Let’s try to answer some basic questions:
We often hear the term “20/20”. Most people assume that 20/20 = perfect vision. But does it ?
What does 20/20 mean?
Many people think that 20/20 means “perfect vision”, but in reality, it only means that the person can see a specific size letter clearly on the standard eye chart that is 20 feet away. It is a measure of Visual Acuity at a Distance. There’s so much more to healthy vision than 20/20!
Our comprehensive vision exam goes beyond 20/20 to evaluate many important visual skills, such as:
Visual Acuity at Near
Is vision clear at reading distance? It is important to be able to see clearly at normal reading distance in order to be able to read, write, do close work, work on computer, etc.
Eye “Teaming” Skills
Do the two eyes aim, move, and work together, as a coordinated team? Each eye sees a slightly different picture, and if they can’t fuse (come together as one) then this (two-eyed) vision and eye teaming skills can cause many difficulties, including convergence insufficiency and poor depth perception.
Eye Focusing Skills
Can the eyes easily change focus and maintain a clear picture when changing from near (reading distance) to far (seeing the blackboard). Being able to do this quickly, accurately, and automatically at different distances is critical to learning, reading, writing, sports, etc. If someone can’t do this easily, it will cause that person to (visually) fatigue. This then causes difficulty with remembering what someone has just read (reading comprehension). A person with this type of difficulty might then choose to avoid doing close work.
Eye Movement Skills
Can the person control their eye muscles to fixate (lock on to what they are trying to look at)? Do they have the muscle control to then track across a page or follow an object that is moving? In the classroom, a child must be able to quickly and accurately shift their eye along a line of print, or from a book at their desk to the board at the front of the room. When copying from a book to a notebook, is the person able to shift from one to the other accurately? In sports it is important to move the eyes efficiently in order to have good eye-hand coordination, visual reaction time, and accurate tracking.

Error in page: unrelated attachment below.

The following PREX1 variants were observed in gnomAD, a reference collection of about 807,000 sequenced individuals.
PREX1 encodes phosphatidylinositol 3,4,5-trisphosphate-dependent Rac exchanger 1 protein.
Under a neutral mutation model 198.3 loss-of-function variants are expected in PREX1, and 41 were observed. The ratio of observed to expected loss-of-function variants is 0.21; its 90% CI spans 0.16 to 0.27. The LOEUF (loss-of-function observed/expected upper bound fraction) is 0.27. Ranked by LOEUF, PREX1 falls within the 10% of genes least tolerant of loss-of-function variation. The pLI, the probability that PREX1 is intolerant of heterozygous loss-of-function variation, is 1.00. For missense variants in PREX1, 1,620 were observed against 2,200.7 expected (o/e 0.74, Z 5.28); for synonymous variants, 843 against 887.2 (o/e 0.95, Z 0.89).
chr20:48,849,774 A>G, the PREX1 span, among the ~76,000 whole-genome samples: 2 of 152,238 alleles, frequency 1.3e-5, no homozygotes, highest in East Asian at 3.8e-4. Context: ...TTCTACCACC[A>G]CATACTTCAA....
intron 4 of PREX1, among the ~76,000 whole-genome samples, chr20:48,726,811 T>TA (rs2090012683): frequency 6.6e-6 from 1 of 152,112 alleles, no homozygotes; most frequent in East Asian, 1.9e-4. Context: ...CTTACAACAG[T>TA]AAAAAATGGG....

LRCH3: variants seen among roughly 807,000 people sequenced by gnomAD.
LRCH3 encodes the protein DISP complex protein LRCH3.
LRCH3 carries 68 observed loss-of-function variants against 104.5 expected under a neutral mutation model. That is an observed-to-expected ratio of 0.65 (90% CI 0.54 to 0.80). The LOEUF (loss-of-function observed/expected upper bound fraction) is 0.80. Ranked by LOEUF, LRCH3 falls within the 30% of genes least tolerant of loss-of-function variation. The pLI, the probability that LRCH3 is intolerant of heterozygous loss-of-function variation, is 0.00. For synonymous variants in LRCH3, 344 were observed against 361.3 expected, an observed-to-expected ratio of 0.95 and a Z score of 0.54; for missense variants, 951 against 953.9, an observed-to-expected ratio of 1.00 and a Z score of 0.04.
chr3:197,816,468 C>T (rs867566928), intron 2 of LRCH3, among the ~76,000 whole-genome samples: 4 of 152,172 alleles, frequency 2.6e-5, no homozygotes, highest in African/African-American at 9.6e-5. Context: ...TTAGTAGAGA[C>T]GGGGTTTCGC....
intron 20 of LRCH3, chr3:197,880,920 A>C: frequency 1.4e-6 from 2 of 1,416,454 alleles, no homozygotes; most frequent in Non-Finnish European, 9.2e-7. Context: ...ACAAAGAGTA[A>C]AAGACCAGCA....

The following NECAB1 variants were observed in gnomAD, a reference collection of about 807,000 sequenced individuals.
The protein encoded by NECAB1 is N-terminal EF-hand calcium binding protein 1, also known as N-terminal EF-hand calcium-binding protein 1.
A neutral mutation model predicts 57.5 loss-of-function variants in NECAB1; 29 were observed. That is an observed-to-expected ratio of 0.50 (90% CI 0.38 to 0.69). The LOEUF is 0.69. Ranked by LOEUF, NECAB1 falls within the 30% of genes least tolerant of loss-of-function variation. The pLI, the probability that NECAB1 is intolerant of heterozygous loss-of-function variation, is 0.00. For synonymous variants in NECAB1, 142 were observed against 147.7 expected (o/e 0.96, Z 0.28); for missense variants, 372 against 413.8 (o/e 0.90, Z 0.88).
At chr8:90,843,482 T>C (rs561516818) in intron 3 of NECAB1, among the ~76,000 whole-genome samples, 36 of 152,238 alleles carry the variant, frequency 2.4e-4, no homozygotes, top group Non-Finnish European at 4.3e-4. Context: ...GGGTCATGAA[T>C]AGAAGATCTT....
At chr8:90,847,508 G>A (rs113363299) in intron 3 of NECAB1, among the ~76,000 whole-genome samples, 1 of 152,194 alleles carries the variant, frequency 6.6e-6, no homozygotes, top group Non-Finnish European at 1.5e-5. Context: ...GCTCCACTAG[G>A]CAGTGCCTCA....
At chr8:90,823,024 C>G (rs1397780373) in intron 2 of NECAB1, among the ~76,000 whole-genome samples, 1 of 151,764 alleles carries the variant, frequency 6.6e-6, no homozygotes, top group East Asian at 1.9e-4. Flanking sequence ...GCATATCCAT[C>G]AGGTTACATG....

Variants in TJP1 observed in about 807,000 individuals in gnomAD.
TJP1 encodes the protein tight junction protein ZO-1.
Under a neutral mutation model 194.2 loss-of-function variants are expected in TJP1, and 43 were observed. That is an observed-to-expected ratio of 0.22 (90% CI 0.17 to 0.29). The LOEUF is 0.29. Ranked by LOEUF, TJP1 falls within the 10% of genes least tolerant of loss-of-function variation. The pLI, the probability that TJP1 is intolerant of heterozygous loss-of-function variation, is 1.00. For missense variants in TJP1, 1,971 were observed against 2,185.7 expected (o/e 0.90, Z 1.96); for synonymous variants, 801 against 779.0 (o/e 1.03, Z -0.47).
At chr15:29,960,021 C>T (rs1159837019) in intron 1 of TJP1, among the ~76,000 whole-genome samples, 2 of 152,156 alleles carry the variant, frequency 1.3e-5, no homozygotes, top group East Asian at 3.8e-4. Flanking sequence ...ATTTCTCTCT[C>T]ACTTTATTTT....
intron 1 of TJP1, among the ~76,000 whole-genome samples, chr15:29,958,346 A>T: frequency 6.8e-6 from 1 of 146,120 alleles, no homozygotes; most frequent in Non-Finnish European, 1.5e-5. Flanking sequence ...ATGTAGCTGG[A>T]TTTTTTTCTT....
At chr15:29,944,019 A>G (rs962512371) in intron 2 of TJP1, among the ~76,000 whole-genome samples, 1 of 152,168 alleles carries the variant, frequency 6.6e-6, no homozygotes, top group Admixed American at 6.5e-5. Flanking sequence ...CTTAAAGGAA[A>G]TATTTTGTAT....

Letter (b / d; p / q) reversals, and word reversals (saw / was) are acceptable up to the end of 1st grade. If they continue beyond the age of 6 or 7, it may indicate a visual perceptual dysfunction.
These are just a few of the many visual skills evaluated during our comprehensive vision exam. In addition, the health of your eyes, inside and out, is carefully evaluated for such problems as cataracts, glaucoma, hypertension, diabetes, etc.
The American Optometric Association recommends that pre-school children receive a complete vision exam at the ages of 6 months, 3 years and 5 years. It is particularly important that a child have a complete evaluation in the summer prior to entry into Kindergarten. While in school, yearly evaluations are recommended.
The American Optometric Association recommends a yearly eye exam for adults for several important reasons:
- to detect and to diagnose vision changes or problems
- to maintain eye health and general body health issues as early as possible.
An example of an eye health issue is Glaucoma, a disease caused by damage to the nerve that sends information from the eye to the brain. It is sometimes caused by increased pressure in the eye. It commonly goes unnoticed by adults because you can’t feel glaucoma. This is why glaucoma is called the “sneak thief of sight”. Regular vision examinations are also important for the prevention of vision problems created or aggravated by today’s academic and professional demands.
Our eyes are often the first indicator that we have an issue that affects our entire body, particularly in diseases such as Diabtes and High Blood Pressure. Other diseases as well are detected first by careful observation, including some brain tumors, skin tumors, Lyme disease, Multiple Sclerosis, etc.
Our lifestyles have changed, both at work and at home. We require more of our vision than even before. One example is Computer vision Syndrome (CVS) which is one of the fastest growing health concerns in the workplace today.
Children and adults in our technological society constantly use their near vision at school, work, and at home. Environmental stresses on the visual system (including excessive computer use or close work) can sometimes induce headaches and/or visual difficulties which can be effectively treated with corrective lenses and/or Vision Therapy.